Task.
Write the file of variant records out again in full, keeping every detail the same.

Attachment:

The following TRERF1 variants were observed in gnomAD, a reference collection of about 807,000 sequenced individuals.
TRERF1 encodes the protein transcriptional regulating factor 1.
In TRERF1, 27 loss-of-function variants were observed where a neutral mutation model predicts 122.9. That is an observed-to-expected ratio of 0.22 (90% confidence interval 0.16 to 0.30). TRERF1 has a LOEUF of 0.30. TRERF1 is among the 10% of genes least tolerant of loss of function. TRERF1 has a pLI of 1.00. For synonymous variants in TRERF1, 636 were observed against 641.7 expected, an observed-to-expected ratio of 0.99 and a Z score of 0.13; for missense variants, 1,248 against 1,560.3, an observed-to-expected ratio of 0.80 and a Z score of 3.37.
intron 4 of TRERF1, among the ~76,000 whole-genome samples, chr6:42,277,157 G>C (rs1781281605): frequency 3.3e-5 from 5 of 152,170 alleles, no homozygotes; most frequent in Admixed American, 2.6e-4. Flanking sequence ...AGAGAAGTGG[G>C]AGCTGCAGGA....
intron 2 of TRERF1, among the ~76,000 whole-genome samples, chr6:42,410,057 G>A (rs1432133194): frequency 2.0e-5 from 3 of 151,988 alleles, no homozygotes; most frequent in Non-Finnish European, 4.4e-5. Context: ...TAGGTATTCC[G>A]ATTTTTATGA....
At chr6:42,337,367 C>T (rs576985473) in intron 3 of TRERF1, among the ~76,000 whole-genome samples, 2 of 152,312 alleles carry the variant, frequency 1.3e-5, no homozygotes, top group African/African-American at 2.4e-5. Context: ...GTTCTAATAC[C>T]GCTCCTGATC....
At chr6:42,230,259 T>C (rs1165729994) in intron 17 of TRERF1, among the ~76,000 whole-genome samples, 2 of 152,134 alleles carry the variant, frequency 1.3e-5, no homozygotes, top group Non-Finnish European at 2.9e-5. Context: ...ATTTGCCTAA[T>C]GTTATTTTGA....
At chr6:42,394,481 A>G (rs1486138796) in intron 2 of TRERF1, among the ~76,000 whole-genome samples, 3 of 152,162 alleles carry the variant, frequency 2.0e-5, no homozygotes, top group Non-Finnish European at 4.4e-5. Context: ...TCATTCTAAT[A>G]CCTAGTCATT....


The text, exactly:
The following TRERF1 variants were observed in gnomAD, a reference collection of about 807,000 sequenced individuals.
TRERF1 encodes the protein transcriptional regulating factor 1.
In TRERF1, 27 loss-of-function variants were observed where a neutral mutation model predicts 122.9. That is an observed-to-expected ratio of 0.22 (90% confidence interval 0.16 to 0.30). TRERF1 has a LOEUF of 0.30. TRERF1 is among the 10% of genes least tolerant of loss of function. TRERF1 has a pLI of 1.00. For synonymous variants in TRERF1, 636 were observed against 641.7 expected, an observed-to-expected ratio of 0.99 and a Z score of 0.13; for missense variants, 1,248 against 1,560.3, an observed-to-expected ratio of 0.80 and a Z score of 3.37.
intron 4 of TRERF1, among the ~76,000 whole-genome samples, chr6:42,277,157 G>C (rs1781281605): frequency 3.3e-5 from 5 of 152,170 alleles, no homozygotes; most frequent in Admixed American, 2.6e-4. Flanking sequence ...AGAGAAGTGG[G>C]AGCTGCAGGA....
intron 2 of TRERF1, among the ~76,000 whole-genome samples, chr6:42,410,057 G>A (rs1432133194): frequency 2.0e-5 from 3 of 151,988 alleles, no homozygotes; most frequent in Non-Finnish European, 4.4e-5. Context: ...TAGGTATTCC[G>A]ATTTTTATGA....
At chr6:42,337,367 C>T (rs576985473) in intron 3 of TRERF1, among the ~76,000 whole-genome samples, 2 of 152,312 alleles carry the variant, frequency 1.3e-5, no homozygotes, top group African/African-American at 2.4e-5. Context: ...GTTCTAATAC[C>T]GCTCCTGATC....
At chr6:42,230,259 T>C (rs1165729994) in intron 17 of TRERF1, among the ~76,000 whole-genome samples, 2 of 152,134 alleles carry the variant, frequency 1.3e-5, no homozygotes, top group Non-Finnish European at 2.9e-5. Context: ...ATTTGCCTAA[T>C]GTTATTTTGA....
At chr6:42,394,481 A>G (rs1486138796) in intron 2 of TRERF1, among the ~76,000 whole-genome samples, 3 of 152,162 alleles carry the variant, frequency 2.0e-5, no homozygotes, top group Non-Finnish European at 4.4e-5. Context: ...TCATTCTAAT[A>G]CCTAGTCATT....